W3C home > Mailing lists > Public > www-patentpolicy-comment@w3.org > October 2001

RAND is a bad idea

From: Ray Benjamin <raybenjamin13@home.com>
Date: Thu, 04 Oct 2001 14:41:11 -0600
Message-Id: <5.0.2.1.2.20011004140906.028317b8@mail>
To: www-patentpolicy-comment@w3.org
Cc: Mike Curtis <mecurti@us.ibm.com>, Marco@marcorp.win.net, Annette Receiver <ARecev@aol.com>, Beth Ubele <bubele@abovomarketing.com>

I am opposed to the RAND license proposed in the patent policy for a number 
of reasons.

1) It can be used to block new standards that might compete with a 
proprietary standard developed by the member -- by filing patents on parts 
of the new standard, as it is developed, a member of the working group can 
effectively kill a standard by refusing to allow licensing of it's technology.

2) Increasing the cost of doing business on the Web -- It seems that any 
member corporation could insure that it gets automatic revenues from each 
and every standard that it works on, by developing and patenting technology 
used for that standard.  With that incentive, why would a company ever fail 
to file patents on any and all ideas submitted to the working group?

3) Cost of participating in the standards process -- This policy also 
requires all members of the W3C to license all technology required to 
implement standards.  This move, since it requires that a company be 
willing to commit to spend an unknown amount of money ahead of time, just 
to participate as a member of the W3C, will serve to further restrict the 
membership in the W3C to large companies.

4) There is no definition of "payment of reasonable, non-discriminatory 
royalties or fees", so there is no real limitation on the fees that a 
company can charge as long as they can conjure some sort of argument that 
makes them appear "reasonable".

5) The proposal states: "So it is especially important that the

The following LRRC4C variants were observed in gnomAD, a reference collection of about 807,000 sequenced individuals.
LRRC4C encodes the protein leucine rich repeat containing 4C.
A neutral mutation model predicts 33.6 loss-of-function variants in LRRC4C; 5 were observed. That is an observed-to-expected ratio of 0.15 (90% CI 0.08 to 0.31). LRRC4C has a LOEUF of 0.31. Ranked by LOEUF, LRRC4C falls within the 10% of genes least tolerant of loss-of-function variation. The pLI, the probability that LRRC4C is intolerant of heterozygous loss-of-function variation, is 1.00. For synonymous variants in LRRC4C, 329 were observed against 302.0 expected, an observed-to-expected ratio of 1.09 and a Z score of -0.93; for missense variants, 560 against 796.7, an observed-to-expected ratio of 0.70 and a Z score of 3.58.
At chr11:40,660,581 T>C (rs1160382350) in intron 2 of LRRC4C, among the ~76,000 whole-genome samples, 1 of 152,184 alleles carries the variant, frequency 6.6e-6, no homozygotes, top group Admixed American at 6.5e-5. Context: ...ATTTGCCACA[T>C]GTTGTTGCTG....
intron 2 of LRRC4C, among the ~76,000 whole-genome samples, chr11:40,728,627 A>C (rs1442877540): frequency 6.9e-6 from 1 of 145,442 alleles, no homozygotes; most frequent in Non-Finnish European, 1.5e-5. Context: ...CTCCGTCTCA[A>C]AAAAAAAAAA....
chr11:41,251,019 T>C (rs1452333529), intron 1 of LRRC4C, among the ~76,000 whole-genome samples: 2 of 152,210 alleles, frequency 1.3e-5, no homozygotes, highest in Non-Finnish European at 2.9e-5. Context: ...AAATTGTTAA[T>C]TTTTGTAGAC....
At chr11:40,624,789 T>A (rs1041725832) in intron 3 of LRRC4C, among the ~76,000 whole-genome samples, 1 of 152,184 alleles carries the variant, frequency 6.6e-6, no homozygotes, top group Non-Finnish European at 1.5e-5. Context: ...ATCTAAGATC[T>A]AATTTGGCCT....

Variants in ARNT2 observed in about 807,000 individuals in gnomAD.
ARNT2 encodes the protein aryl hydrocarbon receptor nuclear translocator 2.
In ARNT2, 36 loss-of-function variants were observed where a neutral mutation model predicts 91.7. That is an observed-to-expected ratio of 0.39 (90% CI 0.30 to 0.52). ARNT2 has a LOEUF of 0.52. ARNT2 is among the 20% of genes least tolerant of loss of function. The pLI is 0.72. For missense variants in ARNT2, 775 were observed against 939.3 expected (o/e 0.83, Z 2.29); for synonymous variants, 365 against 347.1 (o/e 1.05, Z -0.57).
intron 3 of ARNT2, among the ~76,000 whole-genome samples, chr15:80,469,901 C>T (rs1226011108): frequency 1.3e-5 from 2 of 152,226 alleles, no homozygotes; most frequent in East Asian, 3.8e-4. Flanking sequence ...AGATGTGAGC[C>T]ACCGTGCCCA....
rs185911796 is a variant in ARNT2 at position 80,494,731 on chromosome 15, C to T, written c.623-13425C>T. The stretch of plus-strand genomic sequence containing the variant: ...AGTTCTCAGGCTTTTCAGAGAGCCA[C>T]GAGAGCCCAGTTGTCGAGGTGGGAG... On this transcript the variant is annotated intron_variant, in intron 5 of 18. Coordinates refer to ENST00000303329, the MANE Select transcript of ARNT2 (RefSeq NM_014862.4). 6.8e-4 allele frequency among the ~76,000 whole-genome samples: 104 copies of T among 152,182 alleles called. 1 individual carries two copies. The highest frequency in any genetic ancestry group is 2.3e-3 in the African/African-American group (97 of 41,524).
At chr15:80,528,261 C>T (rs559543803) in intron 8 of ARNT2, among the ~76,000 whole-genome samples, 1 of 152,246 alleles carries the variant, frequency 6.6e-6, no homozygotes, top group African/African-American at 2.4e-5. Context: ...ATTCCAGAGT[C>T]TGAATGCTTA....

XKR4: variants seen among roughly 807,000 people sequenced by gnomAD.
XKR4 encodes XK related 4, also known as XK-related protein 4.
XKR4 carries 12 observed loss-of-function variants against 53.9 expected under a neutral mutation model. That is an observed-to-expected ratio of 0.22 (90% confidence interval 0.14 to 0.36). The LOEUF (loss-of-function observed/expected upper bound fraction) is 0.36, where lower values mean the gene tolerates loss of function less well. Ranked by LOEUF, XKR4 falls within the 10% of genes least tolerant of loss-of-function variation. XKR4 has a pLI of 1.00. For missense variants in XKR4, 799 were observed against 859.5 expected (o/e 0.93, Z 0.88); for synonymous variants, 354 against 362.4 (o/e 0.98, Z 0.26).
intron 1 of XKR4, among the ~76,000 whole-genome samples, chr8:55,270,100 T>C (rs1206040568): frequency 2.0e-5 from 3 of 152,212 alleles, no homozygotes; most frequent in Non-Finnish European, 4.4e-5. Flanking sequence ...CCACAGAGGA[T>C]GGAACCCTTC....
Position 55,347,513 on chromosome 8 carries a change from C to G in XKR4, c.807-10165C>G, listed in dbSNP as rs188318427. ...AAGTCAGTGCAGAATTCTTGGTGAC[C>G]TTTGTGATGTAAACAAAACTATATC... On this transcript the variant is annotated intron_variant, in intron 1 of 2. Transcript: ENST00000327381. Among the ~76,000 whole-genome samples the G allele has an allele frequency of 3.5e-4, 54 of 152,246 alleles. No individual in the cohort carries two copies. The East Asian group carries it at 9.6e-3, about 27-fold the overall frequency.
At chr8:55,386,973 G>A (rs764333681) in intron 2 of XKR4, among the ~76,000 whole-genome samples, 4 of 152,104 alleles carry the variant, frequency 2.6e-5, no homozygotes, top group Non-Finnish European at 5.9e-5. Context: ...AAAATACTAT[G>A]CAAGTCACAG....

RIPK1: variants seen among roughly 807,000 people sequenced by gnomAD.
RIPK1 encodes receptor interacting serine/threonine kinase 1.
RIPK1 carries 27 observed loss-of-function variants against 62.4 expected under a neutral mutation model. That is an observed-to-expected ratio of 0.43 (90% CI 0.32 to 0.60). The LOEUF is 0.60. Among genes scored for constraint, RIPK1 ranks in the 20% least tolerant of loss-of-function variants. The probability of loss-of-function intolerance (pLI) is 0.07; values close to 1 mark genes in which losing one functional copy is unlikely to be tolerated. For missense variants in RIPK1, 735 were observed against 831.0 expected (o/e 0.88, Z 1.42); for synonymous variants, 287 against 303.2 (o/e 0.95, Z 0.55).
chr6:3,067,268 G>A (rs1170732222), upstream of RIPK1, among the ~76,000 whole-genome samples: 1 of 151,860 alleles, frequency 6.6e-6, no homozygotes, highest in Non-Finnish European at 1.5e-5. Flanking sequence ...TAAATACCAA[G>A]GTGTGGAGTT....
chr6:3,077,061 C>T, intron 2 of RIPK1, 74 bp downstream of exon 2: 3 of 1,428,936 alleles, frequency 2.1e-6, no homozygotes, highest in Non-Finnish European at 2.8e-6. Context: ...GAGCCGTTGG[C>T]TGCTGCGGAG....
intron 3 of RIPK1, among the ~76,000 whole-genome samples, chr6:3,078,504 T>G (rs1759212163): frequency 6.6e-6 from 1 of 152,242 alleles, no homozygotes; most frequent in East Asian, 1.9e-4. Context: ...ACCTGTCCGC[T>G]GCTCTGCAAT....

Recommendations covering lower-layer infrastructure be implementable on an 
RF basis. Recommendations addressing higher-level services toward the 
application layer may have a higher tolerance for RAND terms."  I believe 
that it will be difficult, if not impossible, to distinguish between 
lower-layer infrastructure and higher-level services.  XML was originally 
intended only as a replacement for HTML and has grown into the enabling 
technology for a slew of additional standards.  W3C Working Group member 
companies will have a strong incentive to classify every project as part of 
higher-level services, in the hopes that the standard they work on will 
become the basis for a great deal of additional work.

6) Whether to use a standard as the basis for a new standard will be 
affected by whether the existing standard is RF or RAND.  Members who hold 
a stake in the standard will push for it's use, while members that don't, 
will want to avoid it, and the costs associated with it.

7) Working Group members will start pushing to include as much patented 
material as possible in each standard, in order to maximize profits, rather 
than concentrate on developing the most appropriate solutions.


I feel very strongly that ALL web standards published by the W3C should be 
royalty-free.  I believe that members of the W3C should agree to offer a 
royalty-free license on patents that apply to standards developed by the 
organization as a condition of membership.

The issue of patents and web standards is important.  The standards for 
XPointer and XLink have already been threatened by patents by Sun and other 
companies.  The W3C needs to have a clear policy on patents and standards, 
but I believe that it needs to be one that focuses primarily on advancing 
web technology, not padding the bank accounts of the participating members.

There is an argument that companies that participate in the W3C need to 
recover the cost of the research and development they invest in the 
standards process.  I believe that they already do, by avoiding the costs 
associated in dealing with dozens of competing standards.  I seem to recall 
that's why the W3C was organized in the first place.

The development of free and open standards governing web technology is 
absolutely vital to the advancement of the web.  Adopting this sort of 
policy will slow the creation, acceptance and implementation of new 
technologies on the web.  This policy will enrich a few large companies, 
while slowing the expansion of the web and the economic benefits that would 
bring to all of us.

This policy is a bad idea.

Thank you for your kind attention,
	Ray Benjamin
	raybenjamin@raybenjamin.com
Received on Thursday, 4 October 2001 16:46:56 GMT

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